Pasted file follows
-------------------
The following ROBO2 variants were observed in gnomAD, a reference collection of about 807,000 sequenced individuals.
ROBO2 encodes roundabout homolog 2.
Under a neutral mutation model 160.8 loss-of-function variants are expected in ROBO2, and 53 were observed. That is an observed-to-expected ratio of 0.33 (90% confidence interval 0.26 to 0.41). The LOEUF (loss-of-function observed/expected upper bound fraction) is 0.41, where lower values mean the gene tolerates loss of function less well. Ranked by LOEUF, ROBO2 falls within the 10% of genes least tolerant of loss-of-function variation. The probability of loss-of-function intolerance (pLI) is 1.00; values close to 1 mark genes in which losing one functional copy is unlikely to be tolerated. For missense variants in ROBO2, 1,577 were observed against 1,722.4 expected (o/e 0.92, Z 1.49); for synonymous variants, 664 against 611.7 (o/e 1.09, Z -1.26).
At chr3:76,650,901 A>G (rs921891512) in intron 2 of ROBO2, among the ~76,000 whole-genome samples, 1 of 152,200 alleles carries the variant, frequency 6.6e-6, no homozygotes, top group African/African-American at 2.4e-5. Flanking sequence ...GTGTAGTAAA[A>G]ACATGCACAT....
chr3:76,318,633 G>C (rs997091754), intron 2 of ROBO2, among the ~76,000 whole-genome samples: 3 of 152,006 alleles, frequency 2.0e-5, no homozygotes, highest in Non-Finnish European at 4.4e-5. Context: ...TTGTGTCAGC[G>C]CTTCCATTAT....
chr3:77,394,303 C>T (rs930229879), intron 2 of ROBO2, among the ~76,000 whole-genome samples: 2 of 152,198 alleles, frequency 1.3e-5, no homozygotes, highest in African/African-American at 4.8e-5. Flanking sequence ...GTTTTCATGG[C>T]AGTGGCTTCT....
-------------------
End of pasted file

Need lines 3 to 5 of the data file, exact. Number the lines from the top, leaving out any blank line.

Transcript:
Under a neutral mutation model 160.8 loss-of-function variants are expected in ROBO2, and 53 were observed. That is an observed-to-expected ratio of 0.33 (90% confidence interval 0.26 to 0.41). The LOEUF (loss-of-function observed/expected upper bound fraction) is 0.41, where lower values mean the gene tolerates loss of function less well. Ranked by LOEUF, ROBO2 falls within the 10% of genes least tolerant of loss-of-function variation. The probability of loss-of-function intolerance (pLI) is 1.00; values close to 1 mark genes in which losing one functional copy is unlikely to be tolerated. For missense variants in ROBO2, 1,577 were observed against 1,722.4 expected (o/e 0.92, Z 1.49); for synonymous variants, 664 against 611.7 (o/e 1.09, Z -1.26).
At chr3:76,650,901 A>G (rs921891512) in intron 2 of ROBO2, among the ~76,000 whole-genome samples, 1 of 152,200 alleles carries the variant, frequency 6.6e-6, no homozygotes, top group African/African-American at 2.4e-5. Flanking sequence ...GTGTAGTAAA[A>G]ACATGCACAT....
chr3:76,318,633 G>C (rs997091754), intron 2 of ROBO2, among the ~76,000 whole-genome samples: 3 of 152,006 alleles, frequency 2.0e-5, no homozygotes, highest in Non-Finnish European at 4.4e-5. Context: ...TTGTGTCAGC[G>C]CTTCCATTAT....